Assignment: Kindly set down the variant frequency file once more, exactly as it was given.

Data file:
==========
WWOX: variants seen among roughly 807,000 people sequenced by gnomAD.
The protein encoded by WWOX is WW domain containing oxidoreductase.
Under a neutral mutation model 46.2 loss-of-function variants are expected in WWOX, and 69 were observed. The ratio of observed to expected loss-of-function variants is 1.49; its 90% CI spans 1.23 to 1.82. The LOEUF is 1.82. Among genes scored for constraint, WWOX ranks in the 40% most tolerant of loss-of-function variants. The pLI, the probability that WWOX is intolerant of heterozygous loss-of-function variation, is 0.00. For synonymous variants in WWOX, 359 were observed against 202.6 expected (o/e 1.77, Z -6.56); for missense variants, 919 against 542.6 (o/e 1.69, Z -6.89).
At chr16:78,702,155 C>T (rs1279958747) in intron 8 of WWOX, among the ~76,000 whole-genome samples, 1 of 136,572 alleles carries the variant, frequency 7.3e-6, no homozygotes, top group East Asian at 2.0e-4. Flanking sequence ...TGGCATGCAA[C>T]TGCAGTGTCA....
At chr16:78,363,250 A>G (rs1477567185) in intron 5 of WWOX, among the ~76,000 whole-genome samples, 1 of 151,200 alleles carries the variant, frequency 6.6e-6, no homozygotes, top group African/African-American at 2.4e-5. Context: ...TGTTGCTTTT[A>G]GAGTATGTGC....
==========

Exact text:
WWOX: variants seen among roughly 807,000 people sequenced by gnomAD.
The protein encoded by WWOX is WW domain containing oxidoreductase.
Under a neutral mutation model 46.2 loss-of-function variants are expected in WWOX, and 69 were observed. The ratio of observed to expected loss-of-function variants is 1.49; its 90% CI spans 1.23 to 1.82. The LOEUF is 1.82. Among genes scored for constraint, WWOX ranks in the 40% most tolerant of loss-of-function variants. The pLI, the probability that WWOX is intolerant of heterozygous loss-of-function variation, is 0.00. For synonymous variants in WWOX, 359 were observed against 202.6 expected (o/e 1.77, Z -6.56); for missense variants, 919 against 542.6 (o/e 1.69, Z -6.89).
At chr16:78,702,155 C>T (rs1279958747) in intron 8 of WWOX, among the ~76,000 whole-genome samples, 1 of 136,572 alleles carries the variant, frequency 7.3e-6, no homozygotes, top group East Asian at 2.0e-4. Flanking sequence ...TGGCATGCAA[C>T]TGCAGTGTCA....
At chr16:78,363,250 A>G (rs1477567185) in intron 5 of WWOX, among the ~76,000 whole-genome samples, 1 of 151,200 alleles carries the variant, frequency 6.6e-6, no homozygotes, top group African/African-American at 2.4e-5. Context: ...TGTTGCTTTT[A>G]GAGTATGTGC....